BAD FENGSHUI – LONGYAN INTERNATIONAL PARK – BEIJING A-

When it comes to urbexing in Beijing, or indeed anywhere in the world, there are certain features that urbexers search for. Some people go for the tunnels, some people go for the high places, others like a place with a good story. When you can find a site which combines all of these features and more, that’s when you know you have found a classic site.

Cathedral Gates

Longyun International Park has all of these features and more. Burbex stumbled across this site by chance. Passing in a taxi from the airport, the top of a dome poked its way into the smoggy sky begging to be explored.

Terracotta Dome

Scouting the outside perimeter there are Communist slogans encouraging citizens to be “civilised” and make Beijing a “centre of development”. Burbex took a knife to one of the slogans and cut his way through to the other side.

Ice Rink

Plunging into the darkness beyond, underground canals snake their way hundreds of metres forward. Faint glints of light barely seen in the pitch black.

Opal Waters

The frozen canals meander from left to right, and along the way there are plenty of unusual water features to be taken in. Small flags warn of the water’s edge like flashes of colour at the village fete.

Oval Boat

Getting lost is inevitable in this underground labyrinth. Tunnels weave off in all directions, and circle around and around in circles. Only the lucky will find the Tiffany roofed exits.

Breakfast at Tiffany's

These are the most heavily guarded areas though, and the security guards shout down curses at intruders but do not dare penetrate the labyrinth.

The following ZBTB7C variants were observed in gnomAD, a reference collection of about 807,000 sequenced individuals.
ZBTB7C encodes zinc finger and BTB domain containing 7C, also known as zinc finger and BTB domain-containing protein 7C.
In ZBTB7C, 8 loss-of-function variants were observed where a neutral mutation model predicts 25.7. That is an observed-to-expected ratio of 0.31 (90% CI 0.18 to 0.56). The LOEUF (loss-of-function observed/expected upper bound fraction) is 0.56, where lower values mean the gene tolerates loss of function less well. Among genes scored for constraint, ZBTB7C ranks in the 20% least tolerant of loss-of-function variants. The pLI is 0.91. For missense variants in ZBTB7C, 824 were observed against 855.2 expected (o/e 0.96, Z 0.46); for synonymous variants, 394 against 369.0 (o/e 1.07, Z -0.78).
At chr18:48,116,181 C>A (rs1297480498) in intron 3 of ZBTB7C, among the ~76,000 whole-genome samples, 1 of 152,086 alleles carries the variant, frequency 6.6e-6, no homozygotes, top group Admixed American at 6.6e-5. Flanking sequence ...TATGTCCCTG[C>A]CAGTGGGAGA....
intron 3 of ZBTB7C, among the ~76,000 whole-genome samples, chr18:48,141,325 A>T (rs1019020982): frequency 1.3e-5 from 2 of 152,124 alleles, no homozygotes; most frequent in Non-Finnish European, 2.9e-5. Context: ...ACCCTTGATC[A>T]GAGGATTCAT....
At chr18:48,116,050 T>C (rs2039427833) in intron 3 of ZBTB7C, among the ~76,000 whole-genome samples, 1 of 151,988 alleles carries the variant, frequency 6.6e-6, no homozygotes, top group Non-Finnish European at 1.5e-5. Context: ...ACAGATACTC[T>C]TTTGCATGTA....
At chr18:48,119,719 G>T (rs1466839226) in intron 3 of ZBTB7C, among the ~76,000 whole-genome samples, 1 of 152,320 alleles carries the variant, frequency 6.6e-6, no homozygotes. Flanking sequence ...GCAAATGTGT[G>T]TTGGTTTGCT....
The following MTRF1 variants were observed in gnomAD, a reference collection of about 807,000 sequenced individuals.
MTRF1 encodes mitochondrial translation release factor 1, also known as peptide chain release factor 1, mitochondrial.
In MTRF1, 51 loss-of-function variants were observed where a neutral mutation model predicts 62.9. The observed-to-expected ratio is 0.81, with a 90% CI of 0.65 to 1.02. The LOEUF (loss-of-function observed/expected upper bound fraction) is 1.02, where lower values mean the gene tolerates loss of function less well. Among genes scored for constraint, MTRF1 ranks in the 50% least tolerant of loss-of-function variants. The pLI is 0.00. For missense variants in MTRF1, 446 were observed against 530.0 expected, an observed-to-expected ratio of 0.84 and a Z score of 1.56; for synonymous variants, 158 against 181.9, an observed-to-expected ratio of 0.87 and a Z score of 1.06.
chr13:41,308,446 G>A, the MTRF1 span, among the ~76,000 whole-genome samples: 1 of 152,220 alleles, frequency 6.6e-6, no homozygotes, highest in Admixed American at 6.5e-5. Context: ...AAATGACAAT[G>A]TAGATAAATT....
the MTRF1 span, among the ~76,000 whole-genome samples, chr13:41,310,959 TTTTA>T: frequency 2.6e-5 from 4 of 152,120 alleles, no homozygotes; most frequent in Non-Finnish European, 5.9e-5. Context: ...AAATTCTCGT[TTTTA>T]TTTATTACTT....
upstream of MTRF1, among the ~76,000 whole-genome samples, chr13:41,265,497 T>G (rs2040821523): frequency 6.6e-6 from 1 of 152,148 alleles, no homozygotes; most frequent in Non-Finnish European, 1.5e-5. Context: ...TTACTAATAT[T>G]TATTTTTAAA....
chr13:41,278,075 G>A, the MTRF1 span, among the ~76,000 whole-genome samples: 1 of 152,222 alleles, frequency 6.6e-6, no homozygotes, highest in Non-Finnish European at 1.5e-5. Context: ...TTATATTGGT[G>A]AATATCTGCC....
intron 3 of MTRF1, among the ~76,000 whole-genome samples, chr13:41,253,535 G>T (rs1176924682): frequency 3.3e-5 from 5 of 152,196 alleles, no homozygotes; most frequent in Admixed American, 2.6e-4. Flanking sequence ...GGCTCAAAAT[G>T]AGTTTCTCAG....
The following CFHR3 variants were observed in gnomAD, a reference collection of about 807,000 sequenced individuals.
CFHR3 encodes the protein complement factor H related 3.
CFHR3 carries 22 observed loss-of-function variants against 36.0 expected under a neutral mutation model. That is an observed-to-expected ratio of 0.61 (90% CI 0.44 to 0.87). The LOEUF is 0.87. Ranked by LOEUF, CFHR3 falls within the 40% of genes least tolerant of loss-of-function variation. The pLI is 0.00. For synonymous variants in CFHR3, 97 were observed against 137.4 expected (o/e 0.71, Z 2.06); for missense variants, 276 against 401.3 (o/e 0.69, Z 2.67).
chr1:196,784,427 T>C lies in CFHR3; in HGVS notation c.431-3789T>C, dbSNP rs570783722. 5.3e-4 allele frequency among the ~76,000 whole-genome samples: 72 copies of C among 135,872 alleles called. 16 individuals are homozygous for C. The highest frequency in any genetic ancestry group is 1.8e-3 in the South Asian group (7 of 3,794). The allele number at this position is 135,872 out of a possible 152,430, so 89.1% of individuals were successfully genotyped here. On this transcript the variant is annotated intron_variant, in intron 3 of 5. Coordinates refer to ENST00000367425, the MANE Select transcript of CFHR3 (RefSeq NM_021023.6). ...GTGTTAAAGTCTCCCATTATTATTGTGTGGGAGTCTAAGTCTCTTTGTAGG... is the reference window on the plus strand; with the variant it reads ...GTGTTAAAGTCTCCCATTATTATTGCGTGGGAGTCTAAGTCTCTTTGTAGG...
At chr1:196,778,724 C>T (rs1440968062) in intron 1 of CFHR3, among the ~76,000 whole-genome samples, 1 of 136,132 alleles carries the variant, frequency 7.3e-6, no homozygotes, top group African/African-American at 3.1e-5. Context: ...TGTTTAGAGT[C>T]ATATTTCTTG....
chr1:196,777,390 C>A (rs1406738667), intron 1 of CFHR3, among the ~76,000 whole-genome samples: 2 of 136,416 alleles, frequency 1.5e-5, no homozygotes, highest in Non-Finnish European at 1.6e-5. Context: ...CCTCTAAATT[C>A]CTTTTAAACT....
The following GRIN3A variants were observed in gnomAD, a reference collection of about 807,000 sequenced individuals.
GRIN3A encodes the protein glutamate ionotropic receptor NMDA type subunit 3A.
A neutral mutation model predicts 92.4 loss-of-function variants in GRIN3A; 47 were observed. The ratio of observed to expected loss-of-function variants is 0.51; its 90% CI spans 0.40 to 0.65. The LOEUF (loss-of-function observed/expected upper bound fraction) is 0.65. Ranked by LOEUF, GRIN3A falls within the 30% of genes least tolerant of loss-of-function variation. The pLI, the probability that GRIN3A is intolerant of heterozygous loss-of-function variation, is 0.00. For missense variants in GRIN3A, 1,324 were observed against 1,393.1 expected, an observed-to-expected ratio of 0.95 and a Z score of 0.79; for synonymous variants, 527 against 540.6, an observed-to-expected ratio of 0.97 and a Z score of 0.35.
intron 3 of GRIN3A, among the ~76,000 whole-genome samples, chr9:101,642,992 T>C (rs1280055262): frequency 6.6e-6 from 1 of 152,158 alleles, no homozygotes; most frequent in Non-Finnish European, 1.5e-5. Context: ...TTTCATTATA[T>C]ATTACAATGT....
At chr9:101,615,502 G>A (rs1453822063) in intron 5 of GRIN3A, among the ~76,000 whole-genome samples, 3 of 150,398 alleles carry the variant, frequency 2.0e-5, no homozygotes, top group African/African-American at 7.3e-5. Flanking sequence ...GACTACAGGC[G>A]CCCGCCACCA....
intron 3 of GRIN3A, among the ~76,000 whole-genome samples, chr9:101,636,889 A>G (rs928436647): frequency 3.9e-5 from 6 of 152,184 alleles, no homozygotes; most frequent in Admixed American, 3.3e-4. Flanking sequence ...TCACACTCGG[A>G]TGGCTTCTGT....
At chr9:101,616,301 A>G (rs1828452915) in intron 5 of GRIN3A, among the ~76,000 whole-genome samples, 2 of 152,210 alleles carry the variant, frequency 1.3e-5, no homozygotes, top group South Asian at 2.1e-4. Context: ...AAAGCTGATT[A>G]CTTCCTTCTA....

Auditorium

The inner dome is a smaller version of the first, and does not have the balconies or the grandeur of its big brother. It feels no less dangerous though.

Venice View

The mouth of the canal leads out into a half-completed Suzhou style water garden. Missing the colour of flowers and trees, it is just a cement garden. From here though, the villas and the upper areas can be accessed.

Window View

Entering through the glassless windows, the villas are easily accessed. Running up the stairs and through unlocked doors, the rooftop dome yawns at the sky.

Dome Top

The beginning of this post mentioned a good story behind this location. According to local taxi drivers, it was shut down because of the death of several workers on the site. Due to this the Fengshui is now considered too bad to continue. This is a curse for construction companies who cannot battle against the entrenched superstition in China.

Raising Flgs